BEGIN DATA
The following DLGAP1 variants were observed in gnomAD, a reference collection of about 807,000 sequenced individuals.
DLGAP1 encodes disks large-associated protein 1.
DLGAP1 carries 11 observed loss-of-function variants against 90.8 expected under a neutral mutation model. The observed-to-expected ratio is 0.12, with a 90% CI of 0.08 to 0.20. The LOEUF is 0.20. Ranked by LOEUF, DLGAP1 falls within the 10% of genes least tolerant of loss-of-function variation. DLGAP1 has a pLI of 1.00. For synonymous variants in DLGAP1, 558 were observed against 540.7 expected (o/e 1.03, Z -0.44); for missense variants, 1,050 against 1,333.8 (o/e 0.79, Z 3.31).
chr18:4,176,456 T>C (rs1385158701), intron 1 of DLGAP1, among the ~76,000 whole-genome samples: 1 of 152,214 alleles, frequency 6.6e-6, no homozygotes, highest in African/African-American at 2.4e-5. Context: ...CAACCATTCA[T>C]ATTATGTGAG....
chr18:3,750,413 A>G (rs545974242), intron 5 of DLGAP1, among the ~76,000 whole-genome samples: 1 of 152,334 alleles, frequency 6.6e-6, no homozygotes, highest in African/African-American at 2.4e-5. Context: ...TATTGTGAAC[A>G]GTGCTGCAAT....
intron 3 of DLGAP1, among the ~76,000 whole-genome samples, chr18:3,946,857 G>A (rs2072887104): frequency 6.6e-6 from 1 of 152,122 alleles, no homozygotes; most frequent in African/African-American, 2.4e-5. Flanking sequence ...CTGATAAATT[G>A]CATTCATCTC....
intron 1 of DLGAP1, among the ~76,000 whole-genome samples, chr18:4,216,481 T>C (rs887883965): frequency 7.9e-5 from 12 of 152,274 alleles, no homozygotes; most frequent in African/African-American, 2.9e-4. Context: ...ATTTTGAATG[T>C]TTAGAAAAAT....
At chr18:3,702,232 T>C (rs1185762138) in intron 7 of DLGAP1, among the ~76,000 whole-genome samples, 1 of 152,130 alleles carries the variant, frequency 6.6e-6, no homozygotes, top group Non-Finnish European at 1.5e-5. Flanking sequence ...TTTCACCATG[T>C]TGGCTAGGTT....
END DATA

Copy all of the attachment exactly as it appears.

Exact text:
The following DLGAP1 variants were observed in gnomAD, a reference collection of about 807,000 sequenced individuals.
DLGAP1 encodes disks large-associated protein 1.
DLGAP1 carries 11 observed loss-of-function variants against 90.8 expected under a neutral mutation model. The observed-to-expected ratio is 0.12, with a 90% CI of 0.08 to 0.20. The LOEUF is 0.20. Ranked by LOEUF, DLGAP1 falls within the 10% of genes least tolerant of loss-of-function variation. DLGAP1 has a pLI of 1.00. For synonymous variants in DLGAP1, 558 were observed against 540.7 expected (o/e 1.03, Z -0.44); for missense variants, 1,050 against 1,333.8 (o/e 0.79, Z 3.31).
chr18:4,176,456 T>C (rs1385158701), intron 1 of DLGAP1, among the ~76,000 whole-genome samples: 1 of 152,214 alleles, frequency 6.6e-6, no homozygotes, highest in African/African-American at 2.4e-5. Context: ...CAACCATTCA[T>C]ATTATGTGAG....
chr18:3,750,413 A>G (rs545974242), intron 5 of DLGAP1, among the ~76,000 whole-genome samples: 1 of 152,334 alleles, frequency 6.6e-6, no homozygotes, highest in African/African-American at 2.4e-5. Context: ...TATTGTGAAC[A>G]GTGCTGCAAT....
intron 3 of DLGAP1, among the ~76,000 whole-genome samples, chr18:3,946,857 G>A (rs2072887104): frequency 6.6e-6 from 1 of 152,122 alleles, no homozygotes; most frequent in African/African-American, 2.4e-5. Flanking sequence ...CTGATAAATT[G>A]CATTCATCTC....
intron 1 of DLGAP1, among the ~76,000 whole-genome samples, chr18:4,216,481 T>C (rs887883965): frequency 7.9e-5 from 12 of 152,274 alleles, no homozygotes; most frequent in African/African-American, 2.9e-4. Context: ...ATTTTGAATG[T>C]TTAGAAAAAT....
At chr18:3,702,232 T>C (rs1185762138) in intron 7 of DLGAP1, among the ~76,000 whole-genome samples, 1 of 152,130 alleles carries the variant, frequency 6.6e-6, no homozygotes, top group Non-Finnish European at 1.5e-5. Flanking sequence ...TTTCACCATG[T>C]TGGCTAGGTT....